3.5 Data collection instrumentPrimary data will be used in the study and the tool of data collection will self-developed questionnaires. The questionnaires will be circulated upon seeking and being granted data collection permit and authorization from the University of Nairobi. The letter stating the purpose of the study and assurance of confidentiality will be attached to each questionnaire. The questionnaires based on the objectives of the study will be send to the respondents via email then after completion they will be send back via to the researcher.
This tool was preferred due to its convenience in terms of cost and time of study. According to Kothari (2004) questionnaires are cost effective, free from bias of the interviewer; respondents who might be difficult to approach can be reached by the questionnaires conveniently.

3.5.1 Pilot testing of the instrumentsA pilot study will be conducted to test the reliability and validity of the questionnaires. According to Orodho (2003), a pilot test helps to test the reliability and validity of data collection instruments. Validity refers to the extent to which an instrument measures what is supposed to measure data, need not only to be reliable but also true and accurate. If a measurement is valid, it is also reliable (Joppe, 2000). 10 questionnaires will be circulated to 10 staff to fill and return, the feedback will help test clarity and identify ambiguity then correct where necessary. To ensure that the study findings will not be compromised, the employees who will take part in the pilot study will not be included in the final study. According to Mugenda and Mugenda (2003) a pilot study can comprise of between 4-10 members of the target population.

3.5.2 Validity of the instrumentValidity is described as the degree to which a research instrument measures what it intends to measure and performs as it is designed to perform (Cherry, 2015). In general, validity is an indication of how sound the research is. Validity refers to the procedure used to get answers to the questions from the respondents and the accuracy of the measurements produced by an instrument Gakuu (2017). To ensure validity the questionnaires will be discussed with the supervisor considered as an expert to ensure the study objectives have been covered and that the questions are clear and understood by respondents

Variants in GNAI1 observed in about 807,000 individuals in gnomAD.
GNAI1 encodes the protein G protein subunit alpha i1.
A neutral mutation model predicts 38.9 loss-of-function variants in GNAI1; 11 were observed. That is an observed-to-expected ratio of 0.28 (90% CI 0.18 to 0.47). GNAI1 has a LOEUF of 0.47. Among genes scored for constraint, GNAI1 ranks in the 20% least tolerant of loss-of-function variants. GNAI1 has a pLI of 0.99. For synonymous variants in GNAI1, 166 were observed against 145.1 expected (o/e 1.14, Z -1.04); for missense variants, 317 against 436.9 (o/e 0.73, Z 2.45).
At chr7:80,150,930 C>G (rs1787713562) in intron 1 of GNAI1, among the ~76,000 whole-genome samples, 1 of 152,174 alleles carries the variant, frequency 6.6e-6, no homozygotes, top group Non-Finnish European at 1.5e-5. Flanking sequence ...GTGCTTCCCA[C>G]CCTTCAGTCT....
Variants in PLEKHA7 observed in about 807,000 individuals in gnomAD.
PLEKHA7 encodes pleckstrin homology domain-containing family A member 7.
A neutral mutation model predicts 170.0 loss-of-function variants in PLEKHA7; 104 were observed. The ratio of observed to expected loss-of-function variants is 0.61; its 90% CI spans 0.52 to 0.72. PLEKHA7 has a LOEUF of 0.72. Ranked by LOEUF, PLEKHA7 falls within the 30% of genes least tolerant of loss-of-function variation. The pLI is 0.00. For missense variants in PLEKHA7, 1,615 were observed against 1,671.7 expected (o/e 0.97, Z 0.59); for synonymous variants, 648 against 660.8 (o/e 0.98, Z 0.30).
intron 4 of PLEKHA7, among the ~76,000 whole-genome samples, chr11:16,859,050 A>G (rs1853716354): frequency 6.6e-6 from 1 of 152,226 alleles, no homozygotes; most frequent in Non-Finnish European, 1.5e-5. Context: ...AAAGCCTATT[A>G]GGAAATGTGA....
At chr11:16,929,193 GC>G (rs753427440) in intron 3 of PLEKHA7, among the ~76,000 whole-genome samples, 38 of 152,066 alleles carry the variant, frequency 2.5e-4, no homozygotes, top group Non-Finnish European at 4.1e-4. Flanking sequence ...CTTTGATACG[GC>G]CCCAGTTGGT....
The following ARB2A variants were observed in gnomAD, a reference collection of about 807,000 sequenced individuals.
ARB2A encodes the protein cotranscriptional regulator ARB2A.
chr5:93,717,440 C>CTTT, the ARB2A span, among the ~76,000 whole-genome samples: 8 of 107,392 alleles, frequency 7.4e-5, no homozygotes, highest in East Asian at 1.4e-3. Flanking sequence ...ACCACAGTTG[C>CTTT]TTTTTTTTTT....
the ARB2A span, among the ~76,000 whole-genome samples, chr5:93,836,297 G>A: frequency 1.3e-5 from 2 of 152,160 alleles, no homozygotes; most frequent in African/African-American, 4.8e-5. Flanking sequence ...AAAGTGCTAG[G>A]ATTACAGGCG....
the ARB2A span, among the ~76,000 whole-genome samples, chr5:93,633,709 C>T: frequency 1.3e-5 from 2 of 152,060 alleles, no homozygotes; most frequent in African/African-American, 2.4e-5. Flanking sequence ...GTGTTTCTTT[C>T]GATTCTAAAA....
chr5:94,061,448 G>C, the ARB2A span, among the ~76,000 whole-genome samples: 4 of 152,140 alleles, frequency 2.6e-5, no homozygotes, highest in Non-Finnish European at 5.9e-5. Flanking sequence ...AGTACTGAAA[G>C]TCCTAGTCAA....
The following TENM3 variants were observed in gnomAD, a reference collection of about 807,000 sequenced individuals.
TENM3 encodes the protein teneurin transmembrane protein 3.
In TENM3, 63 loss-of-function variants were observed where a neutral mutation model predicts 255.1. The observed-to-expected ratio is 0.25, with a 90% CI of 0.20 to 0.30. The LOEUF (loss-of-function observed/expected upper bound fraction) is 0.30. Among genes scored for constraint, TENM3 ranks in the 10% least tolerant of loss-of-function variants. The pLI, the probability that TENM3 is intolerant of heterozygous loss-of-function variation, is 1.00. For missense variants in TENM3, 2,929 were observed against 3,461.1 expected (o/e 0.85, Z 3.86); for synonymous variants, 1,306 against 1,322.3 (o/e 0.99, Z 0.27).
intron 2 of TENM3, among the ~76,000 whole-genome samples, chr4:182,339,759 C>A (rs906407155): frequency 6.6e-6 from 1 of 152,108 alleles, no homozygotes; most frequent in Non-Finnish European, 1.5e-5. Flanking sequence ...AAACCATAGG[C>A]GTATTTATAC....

3.5.3 Reliability of the instrumentReliability refers to the quality of the measurement instrument to maintain repeatability and consistency. The consistence, stability, or dependability of the data is referred to as reliability. Whenever an investigator measures a variable, he or she wants to be sure that the measurement provides dependable and consistent results (Mugenda & Mugenda, 2003). Test retest reliability will be used to determine reliability of the instruments. The researcher will distribute questionnaires to 10 staff and redistribute to them again after one week, the results will be compared to ascertain if the results are consistent.

3.6 Data collection proceduresBefore commencement of data collection the researcher will ensure that the data collection instrument has been tested for validity through pilot testing to ensure that all the variables of the study have been covered and any misconceptions in the questionnaires are resolved before distribution, thereafter seek approval from University of Nairobi and permit for data collection from Mwalimu authorities. The respondents will be briefed on the objectives of the study and assured that the data collected is for research purpose only .Questionnaires in Nairobi branches will be dropped and picked by the researcher for the branches outside Nairobi, they will be send to the respondents via courier services after the researcher briefs the branch manager on the purpose of the research and agree on designated time within two weeks to return them.
3.7 Data analysis techniquesIn preparation for analysis, collected data will be checked for completeness, consistency then coded and entered in the database for analysis using Statistical Package for Social Scientists (SPSS). Descriptive statistics will be used to quantify and describe the data using measures of central tendency specifically mean mode and median consequently measures of dispersion -range and standard will be used to analyses data. The researcher will employ correlation regression to determine relationship between the variables, Person correlation will be used
3.8 Ethical considerationsThe researcher will seek permission from Mwalimu Sacco before undertaking the study.

Assuring respondents of data confidentiality thus the data collected shall be used for the study and anonymity of respondents. The researcher will ensure the respondents that the questionnaires are non-invasive and the information gathered solely for academic purposes only and not for any other purpose.

3.9 Operationalization of Variables
The relationship of variables is illustrated in table 3.2 which shows their respective indicators.

Table 3. SEQ Table * ARABIC 2: Operational definition of the variablesObjective Variable Indicator Measuring scale Tools of Analysis
To determine how Automated Teller Machines delivery channel influence customer satisfaction in Mwalimu National Sacco. Independent
ATM channel Convenient location
Timely issuance of new cards and replacement
Nominal and ordinal
Descriptive statistics
Inferential statistics
To establish the influence of Point of Sale delivery channel on customer satisfaction in Mwalimu National Sacco. Independent
POS channel Acceptability
Nominal and ordinal Measure of Central tendency; Mean